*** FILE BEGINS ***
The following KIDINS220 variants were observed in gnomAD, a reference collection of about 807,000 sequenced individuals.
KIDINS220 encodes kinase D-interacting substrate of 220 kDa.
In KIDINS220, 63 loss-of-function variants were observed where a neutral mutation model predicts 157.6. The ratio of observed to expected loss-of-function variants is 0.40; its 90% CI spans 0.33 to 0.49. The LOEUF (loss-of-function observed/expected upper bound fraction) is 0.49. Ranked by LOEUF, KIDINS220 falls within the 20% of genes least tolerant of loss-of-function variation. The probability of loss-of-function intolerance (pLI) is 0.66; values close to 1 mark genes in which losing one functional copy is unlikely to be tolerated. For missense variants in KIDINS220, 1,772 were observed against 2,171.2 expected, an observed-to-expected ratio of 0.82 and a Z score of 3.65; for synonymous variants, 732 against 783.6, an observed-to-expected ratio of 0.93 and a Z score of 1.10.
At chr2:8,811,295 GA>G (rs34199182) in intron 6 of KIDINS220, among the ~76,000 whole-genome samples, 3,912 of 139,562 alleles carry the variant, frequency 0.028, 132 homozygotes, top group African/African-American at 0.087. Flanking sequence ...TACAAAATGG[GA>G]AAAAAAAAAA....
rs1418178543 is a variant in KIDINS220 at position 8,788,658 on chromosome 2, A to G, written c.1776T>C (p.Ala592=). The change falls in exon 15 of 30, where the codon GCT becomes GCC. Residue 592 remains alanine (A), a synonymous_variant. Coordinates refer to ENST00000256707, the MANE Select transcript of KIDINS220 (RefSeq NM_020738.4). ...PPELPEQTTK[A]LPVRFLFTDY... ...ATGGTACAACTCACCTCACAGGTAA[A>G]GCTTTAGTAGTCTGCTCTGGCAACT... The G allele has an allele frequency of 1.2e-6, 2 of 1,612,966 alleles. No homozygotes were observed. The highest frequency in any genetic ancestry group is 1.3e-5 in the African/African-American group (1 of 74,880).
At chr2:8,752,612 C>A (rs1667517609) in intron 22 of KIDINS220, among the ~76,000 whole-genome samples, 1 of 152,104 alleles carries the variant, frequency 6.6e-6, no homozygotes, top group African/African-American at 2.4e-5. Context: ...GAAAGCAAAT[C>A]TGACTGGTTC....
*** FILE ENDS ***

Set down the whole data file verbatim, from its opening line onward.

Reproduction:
The following KIDINS220 variants were observed in gnomAD, a reference collection of about 807,000 sequenced individuals.
KIDINS220 encodes kinase D-interacting substrate of 220 kDa.
In KIDINS220, 63 loss-of-function variants were observed where a neutral mutation model predicts 157.6. The ratio of observed to expected loss-of-function variants is 0.40; its 90% CI spans 0.33 to 0.49. The LOEUF (loss-of-function observed/expected upper bound fraction) is 0.49. Ranked by LOEUF, KIDINS220 falls within the 20% of genes least tolerant of loss-of-function variation. The probability of loss-of-function intolerance (pLI) is 0.66; values close to 1 mark genes in which losing one functional copy is unlikely to be tolerated. For missense variants in KIDINS220, 1,772 were observed against 2,171.2 expected, an observed-to-expected ratio of 0.82 and a Z score of 3.65; for synonymous variants, 732 against 783.6, an observed-to-expected ratio of 0.93 and a Z score of 1.10.
At chr2:8,811,295 GA>G (rs34199182) in intron 6 of KIDINS220, among the ~76,000 whole-genome samples, 3,912 of 139,562 alleles carry the variant, frequency 0.028, 132 homozygotes, top group African/African-American at 0.087. Flanking sequence ...TACAAAATGG[GA>G]AAAAAAAAAA....
rs1418178543 is a variant in KIDINS220 at position 8,788,658 on chromosome 2, A to G, written c.1776T>C (p.Ala592=). The change falls in exon 15 of 30, where the codon GCT becomes GCC. Residue 592 remains alanine (A), a synonymous_variant. Coordinates refer to ENST00000256707, the MANE Select transcript of KIDINS220 (RefSeq NM_020738.4). ...PPELPEQTTK[A]LPVRFLFTDY... ...ATGGTACAACTCACCTCACAGGTAA[A>G]GCTTTAGTAGTCTGCTCTGGCAACT... The G allele has an allele frequency of 1.2e-6, 2 of 1,612,966 alleles. No homozygotes were observed. The highest frequency in any genetic ancestry group is 1.3e-5 in the African/African-American group (1 of 74,880).
At chr2:8,752,612 C>A (rs1667517609) in intron 22 of KIDINS220, among the ~76,000 whole-genome samples, 1 of 152,104 alleles carries the variant, frequency 6.6e-6, no homozygotes, top group African/African-American at 2.4e-5. Context: ...GAAAGCAAAT[C>A]TGACTGGTTC....